Comparative v. Collaborative Advertising: Which Comes Out On Top?

With the overwhelming number of products on the market today, consumers have choices and every brand has competition. Many brands have included competitors in marketing materials in what is known as comparative advertising. It’s pretty self-explanatory; one brand compares its product to another’s, usually placing itself as the superior option. However, recently we’ve seen a couple of brand collaborations that paint both companies in a positive light.

Major brands have a history of comparative advertising—take the legendary war between Coca-Cola and Pepsi, for example. The most historic battle of the brands, this rivalry has existed for more than a century. Both companies have released comparative advertising spots in an effort to gain market share and fan bases.

Though Coca-Cola and Pepsi may not focus so heavily on comparative advertising anymore, there are several brands that have followed in their footsteps. Verizon, Samsung and Microsoft are three notable examples that gravitate toward comparative advertising. Consumers now have so many choices when it comes to technology, that these companies felt the need to point out competitor flaws in order to stand out.

These commercials may have been enough to persuade consumers to try out the brands’ products and/or services, but their competitors ended up blanketed in negativity. Geico has taken a different approach, featuring other brands’ mascots in a few of its ads.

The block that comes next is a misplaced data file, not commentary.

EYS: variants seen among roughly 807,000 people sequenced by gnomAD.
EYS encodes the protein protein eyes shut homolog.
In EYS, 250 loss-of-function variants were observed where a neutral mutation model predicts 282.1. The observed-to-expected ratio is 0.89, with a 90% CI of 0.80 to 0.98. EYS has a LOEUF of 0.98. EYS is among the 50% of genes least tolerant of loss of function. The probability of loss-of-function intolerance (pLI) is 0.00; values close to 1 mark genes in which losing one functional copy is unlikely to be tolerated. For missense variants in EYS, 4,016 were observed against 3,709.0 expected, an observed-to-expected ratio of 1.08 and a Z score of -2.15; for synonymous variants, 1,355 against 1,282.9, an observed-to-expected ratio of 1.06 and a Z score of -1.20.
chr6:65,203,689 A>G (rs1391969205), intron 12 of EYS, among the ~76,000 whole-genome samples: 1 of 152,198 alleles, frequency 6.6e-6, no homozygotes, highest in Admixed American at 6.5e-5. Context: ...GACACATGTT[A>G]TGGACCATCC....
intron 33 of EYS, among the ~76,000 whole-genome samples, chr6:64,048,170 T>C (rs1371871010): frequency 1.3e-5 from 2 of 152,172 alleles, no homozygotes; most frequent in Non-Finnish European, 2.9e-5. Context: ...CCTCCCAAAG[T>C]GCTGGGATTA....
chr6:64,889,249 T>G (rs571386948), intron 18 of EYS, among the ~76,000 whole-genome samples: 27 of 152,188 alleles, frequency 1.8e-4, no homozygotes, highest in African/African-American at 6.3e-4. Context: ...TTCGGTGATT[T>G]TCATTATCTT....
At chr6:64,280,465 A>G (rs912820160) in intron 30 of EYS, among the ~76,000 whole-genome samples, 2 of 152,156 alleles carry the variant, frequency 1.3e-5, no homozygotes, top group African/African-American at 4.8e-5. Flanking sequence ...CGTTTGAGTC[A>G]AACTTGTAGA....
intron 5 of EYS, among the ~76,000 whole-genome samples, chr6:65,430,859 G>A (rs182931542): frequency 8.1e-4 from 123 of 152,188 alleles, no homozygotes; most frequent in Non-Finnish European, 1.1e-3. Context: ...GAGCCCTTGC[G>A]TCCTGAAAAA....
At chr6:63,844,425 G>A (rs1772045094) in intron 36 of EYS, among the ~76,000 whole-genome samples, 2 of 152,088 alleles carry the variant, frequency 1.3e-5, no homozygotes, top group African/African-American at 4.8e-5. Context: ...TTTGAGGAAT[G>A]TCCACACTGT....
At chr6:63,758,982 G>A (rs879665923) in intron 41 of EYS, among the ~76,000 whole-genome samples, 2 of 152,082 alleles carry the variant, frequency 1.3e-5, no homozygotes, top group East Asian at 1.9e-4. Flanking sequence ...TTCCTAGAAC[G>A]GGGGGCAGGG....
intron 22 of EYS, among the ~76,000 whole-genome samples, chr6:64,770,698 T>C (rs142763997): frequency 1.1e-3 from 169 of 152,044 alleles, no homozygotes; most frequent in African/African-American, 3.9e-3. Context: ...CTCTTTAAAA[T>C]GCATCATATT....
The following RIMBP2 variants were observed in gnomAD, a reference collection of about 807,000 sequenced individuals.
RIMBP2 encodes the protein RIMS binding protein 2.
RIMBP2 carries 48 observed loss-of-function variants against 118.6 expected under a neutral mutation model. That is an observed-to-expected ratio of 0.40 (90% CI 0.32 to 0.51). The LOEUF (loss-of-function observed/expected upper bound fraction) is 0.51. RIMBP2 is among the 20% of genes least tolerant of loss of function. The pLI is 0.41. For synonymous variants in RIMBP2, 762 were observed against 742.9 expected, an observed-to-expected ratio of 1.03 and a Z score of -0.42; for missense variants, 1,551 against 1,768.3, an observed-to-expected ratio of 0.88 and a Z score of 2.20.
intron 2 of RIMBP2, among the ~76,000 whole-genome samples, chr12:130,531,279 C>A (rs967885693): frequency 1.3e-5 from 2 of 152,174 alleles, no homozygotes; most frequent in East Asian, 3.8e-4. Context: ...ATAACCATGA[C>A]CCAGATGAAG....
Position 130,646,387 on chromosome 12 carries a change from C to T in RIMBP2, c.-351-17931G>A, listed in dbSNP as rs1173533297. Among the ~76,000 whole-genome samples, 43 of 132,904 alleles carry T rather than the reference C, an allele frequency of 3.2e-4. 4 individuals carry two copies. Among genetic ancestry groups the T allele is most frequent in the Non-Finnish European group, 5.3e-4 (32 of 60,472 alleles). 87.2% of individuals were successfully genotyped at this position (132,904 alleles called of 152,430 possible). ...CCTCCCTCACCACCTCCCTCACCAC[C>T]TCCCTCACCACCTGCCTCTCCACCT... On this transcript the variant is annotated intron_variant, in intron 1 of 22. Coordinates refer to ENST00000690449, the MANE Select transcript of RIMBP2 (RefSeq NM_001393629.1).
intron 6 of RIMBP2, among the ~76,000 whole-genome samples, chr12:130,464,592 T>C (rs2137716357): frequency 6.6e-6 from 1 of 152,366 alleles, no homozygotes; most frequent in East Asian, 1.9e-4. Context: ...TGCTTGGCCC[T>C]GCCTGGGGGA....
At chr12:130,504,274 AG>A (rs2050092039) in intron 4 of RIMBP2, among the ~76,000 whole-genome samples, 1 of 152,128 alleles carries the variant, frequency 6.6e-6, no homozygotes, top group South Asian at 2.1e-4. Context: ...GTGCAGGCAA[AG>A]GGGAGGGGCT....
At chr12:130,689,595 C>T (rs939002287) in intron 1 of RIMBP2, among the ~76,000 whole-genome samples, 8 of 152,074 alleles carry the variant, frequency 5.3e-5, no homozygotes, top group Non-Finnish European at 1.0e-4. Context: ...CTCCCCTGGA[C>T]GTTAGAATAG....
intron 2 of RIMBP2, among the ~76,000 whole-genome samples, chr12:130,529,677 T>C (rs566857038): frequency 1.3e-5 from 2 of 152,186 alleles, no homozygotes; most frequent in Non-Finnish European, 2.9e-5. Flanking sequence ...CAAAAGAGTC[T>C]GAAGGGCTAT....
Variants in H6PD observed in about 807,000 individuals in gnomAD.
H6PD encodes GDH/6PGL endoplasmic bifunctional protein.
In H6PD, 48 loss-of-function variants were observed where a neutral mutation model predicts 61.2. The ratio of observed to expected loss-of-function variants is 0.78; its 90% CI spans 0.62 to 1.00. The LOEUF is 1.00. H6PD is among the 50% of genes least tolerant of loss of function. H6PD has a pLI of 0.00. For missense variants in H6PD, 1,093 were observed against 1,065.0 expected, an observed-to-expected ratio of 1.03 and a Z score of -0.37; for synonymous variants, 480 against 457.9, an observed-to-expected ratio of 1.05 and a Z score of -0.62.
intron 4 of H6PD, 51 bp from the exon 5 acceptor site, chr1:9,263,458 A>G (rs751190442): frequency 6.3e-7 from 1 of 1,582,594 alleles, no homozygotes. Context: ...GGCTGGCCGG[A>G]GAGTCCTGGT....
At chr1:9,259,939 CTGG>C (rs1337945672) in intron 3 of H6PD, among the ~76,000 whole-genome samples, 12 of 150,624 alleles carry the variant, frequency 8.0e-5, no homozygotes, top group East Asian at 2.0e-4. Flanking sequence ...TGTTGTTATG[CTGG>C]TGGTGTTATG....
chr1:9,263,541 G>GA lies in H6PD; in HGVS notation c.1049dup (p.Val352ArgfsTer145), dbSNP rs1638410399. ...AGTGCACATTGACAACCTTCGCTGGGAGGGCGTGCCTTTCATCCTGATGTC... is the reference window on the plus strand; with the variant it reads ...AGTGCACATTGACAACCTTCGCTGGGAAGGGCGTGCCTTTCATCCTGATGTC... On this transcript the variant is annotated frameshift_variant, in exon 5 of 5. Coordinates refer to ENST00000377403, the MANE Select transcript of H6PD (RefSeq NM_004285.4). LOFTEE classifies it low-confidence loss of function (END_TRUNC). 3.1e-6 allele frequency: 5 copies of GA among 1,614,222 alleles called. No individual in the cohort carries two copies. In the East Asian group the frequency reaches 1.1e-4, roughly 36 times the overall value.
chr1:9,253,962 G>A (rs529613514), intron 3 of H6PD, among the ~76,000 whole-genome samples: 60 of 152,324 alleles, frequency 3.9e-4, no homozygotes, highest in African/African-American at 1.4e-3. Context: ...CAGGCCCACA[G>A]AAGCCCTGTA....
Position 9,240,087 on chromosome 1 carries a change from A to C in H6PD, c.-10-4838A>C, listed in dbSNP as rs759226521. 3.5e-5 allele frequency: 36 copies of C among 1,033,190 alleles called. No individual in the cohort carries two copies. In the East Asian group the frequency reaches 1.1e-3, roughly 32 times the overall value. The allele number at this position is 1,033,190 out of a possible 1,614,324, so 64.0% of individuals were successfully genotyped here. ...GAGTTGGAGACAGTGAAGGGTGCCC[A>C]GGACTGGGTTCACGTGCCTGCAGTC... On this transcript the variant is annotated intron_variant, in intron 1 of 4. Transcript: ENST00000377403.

A 2002 Geico commercial titled “The Audition,” had the company’s infamous Gecko run into Taco Bell’s Chihuahua.

Last year, as part of its “Happier Than,” campaign, Geico used the Pillsbury Dough Boy to demonstrate just how fun a TSA pat down can be.

Now, the Gecko has teamed up with M&M’s’ Ms. Brown to highlight how deliciously chocolate M&M’s are and how 15 minutes can save “humans” hundreds of dollars on car insurance.

Geico partnered with candy maker Mars to create this TV spot that was meant to benefit both brands. How revolutionary—a commercial that actually benefits both brands. With Geico and M&M’s piggybacking on the other’s audience, this collaboration is an excellent way for them to increase exposure. It’s also a way to foster positive sentiment amongst consumers. With comparative advertising, someone is always on the receiving end of the negativity, the butt of the joke. It can put consumers on the defensive and potentially turn them off a brand for good.

Though only a few brands have engaged in collaborative advertising, consumers will no doubt respond well to the positivity behind the cooperative effort.

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